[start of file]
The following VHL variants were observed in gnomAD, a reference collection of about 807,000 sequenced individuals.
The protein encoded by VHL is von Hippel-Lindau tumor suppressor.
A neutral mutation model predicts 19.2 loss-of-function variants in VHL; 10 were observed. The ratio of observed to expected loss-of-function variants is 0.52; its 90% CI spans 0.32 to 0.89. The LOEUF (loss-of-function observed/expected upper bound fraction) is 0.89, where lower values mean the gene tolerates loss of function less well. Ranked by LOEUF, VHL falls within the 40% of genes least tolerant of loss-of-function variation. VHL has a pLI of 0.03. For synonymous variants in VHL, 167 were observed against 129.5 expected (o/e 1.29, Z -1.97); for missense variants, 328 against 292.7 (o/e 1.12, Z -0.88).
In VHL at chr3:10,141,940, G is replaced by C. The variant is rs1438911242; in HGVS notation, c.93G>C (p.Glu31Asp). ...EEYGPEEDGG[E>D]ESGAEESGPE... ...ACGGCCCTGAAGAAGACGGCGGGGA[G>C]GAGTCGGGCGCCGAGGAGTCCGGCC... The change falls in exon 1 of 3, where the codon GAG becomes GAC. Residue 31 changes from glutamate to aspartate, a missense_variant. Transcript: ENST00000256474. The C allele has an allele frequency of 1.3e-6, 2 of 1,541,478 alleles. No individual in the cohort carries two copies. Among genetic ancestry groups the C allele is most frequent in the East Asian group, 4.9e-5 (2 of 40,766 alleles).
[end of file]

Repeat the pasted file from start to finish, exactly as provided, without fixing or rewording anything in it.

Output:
The following VHL variants were observed in gnomAD, a reference collection of about 807,000 sequenced individuals.
The protein encoded by VHL is von Hippel-Lindau tumor suppressor.
A neutral mutation model predicts 19.2 loss-of-function variants in VHL; 10 were observed. The ratio of observed to expected loss-of-function variants is 0.52; its 90% CI spans 0.32 to 0.89. The LOEUF (loss-of-function observed/expected upper bound fraction) is 0.89, where lower values mean the gene tolerates loss of function less well. Ranked by LOEUF, VHL falls within the 40% of genes least tolerant of loss-of-function variation. VHL has a pLI of 0.03. For synonymous variants in VHL, 167 were observed against 129.5 expected (o/e 1.29, Z -1.97); for missense variants, 328 against 292.7 (o/e 1.12, Z -0.88).
In VHL at chr3:10,141,940, G is replaced by C. The variant is rs1438911242; in HGVS notation, c.93G>C (p.Glu31Asp). ...EEYGPEEDGG[E>D]ESGAEESGPE... ...ACGGCCCTGAAGAAGACGGCGGGGA[G>C]GAGTCGGGCGCCGAGGAGTCCGGCC... The change falls in exon 1 of 3, where the codon GAG becomes GAC. Residue 31 changes from glutamate to aspartate, a missense_variant. Transcript: ENST00000256474. The C allele has an allele frequency of 1.3e-6, 2 of 1,541,478 alleles. No individual in the cohort carries two copies. Among genetic ancestry groups the C allele is most frequent in the East Asian group, 4.9e-5 (2 of 40,766 alleles).